In addition, Chavez said, an American was involved in what he characterized as an assassination plot against him uncovered in Costa Rica four months ago.
"The violence erupted on the third day of a general strike called to support oil executives who want Chavez to sack new management at the state oil monopoly Petroleos de Venezuela, or PDVSA. The executives are conducting a work slowdown that has seriously cut production and exports in Venezuela, the No. 3 oil supplier to the United States and the No. 4 oil exporter in the world.
The 950,000-barrel-per-day Paraguana refinery, one of the world's largest, ran at less than 50 percent capacity, and loading of tankers proceeded slowly, with at least 20 vessels anchored at main ports. The 130,000-barrel-per-day El Palito refinery will not reach full capacity until the weekend."
"Chavez angrily accused the news media of inciting social unrest by exaggerating the size of a general strike this week, and ordered five private Caracas television stations shut down. The stations continued transmitting by satellite, however."http://story.news.yahoo.com/news?tmpl=story&u=/ap/20020415/ap_on_re_la_am_ca/venezuela_oil_protest_245
MEXICO CITY — When is a coup not a coup? When the United States says so, it seems — especially if the fallen leader is no friend to American interests. What else to call the fall on Friday of Venezuela's president, Hugo Chávez? An armed transition of power? By any other name, though its European and Latin American allies deplored it, it was a consummation devoutly wished for by the White House. "The actions encouraged by the Chávez government provoked a crisis," the White House spokesman, Ari Fleischer, said on Friday. That sentence was spring-loaded, given the history of Latin American coups tacitly encouraged or covertly supported by the United States.
For Washington, the real crisis in Caracas was Mr. Chávez. It ended with his leaving office at gunpoint. Now 1.5 million barrels of Venezuelan oil a day will keep flowing to the United States. And none will go to Fidel Castro's Cuba — Venezuela's new leader, an oil man, immediately declared that tap shut.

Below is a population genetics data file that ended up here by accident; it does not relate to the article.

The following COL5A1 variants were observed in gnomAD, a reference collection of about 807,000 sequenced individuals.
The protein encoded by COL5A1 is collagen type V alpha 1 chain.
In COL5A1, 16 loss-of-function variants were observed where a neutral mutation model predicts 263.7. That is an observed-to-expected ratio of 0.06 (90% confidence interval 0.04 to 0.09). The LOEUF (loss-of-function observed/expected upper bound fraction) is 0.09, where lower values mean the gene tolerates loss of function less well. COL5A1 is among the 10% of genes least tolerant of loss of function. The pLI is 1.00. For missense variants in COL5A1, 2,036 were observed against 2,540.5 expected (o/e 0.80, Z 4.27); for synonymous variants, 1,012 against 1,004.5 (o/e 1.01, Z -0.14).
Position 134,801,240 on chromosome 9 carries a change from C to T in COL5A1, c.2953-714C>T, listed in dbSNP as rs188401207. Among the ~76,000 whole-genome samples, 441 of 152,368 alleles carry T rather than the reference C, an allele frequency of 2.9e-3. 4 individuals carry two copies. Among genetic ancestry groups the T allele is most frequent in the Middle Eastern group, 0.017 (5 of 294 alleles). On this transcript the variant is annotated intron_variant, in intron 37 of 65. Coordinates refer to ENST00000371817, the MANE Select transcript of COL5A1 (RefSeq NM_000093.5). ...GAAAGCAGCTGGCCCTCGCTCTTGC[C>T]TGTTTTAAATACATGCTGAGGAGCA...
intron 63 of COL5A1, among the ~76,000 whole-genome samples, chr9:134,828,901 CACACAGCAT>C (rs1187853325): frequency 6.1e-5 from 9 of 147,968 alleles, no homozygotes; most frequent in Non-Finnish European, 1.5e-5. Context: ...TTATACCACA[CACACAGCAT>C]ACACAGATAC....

In Latin America, the United States has long preferred friendly faces in presidential palaces, playing reliable roles, whether or not they are wearing uniforms. It supported authoritarian regimes throughout Central and South America during and after the cold war in defense of its economic and political interests. In tiny Guatemala, the Central Intelligence Agency mounted a coup overthrowing the democratically elected government in 1954, and it backed subsequent right-wing governments against small leftist rebel groups for four decades. Roughly 200,000 civilians died. In Chile, a C.I.A.-supported coup helped put Gen. Augusto Pinochet in power from 1973 to 1990. In Peru, a fragile democratic government is still unraveling the agency's role in a decade of support for the now-deposed and disgraced president, Alberto K. Fujimori, and his disreputable spy chief, Vladimiro L. Montesinos.
April 14, 2002
A Coup by Any Other Name
By TIM WEINER
"Venezuela's commercial media have a lot of explaining to do. On Friday and Saturday, most big newspapers and TV programs seemed to welcome the coup, immediately calling Chavez an ex-president, and recognizing the junta as legitimate government. It was hard to shake the feeling that it was a chamber of commerce coup. On Saturday, many companies took out full page ads, welcoming the change in government. One US owned phone company offered free cell phone calls on Sunday, to let Venezuelans call their loved ones and celebrate their bright new future."NPR, April 15, 2002, listen to clip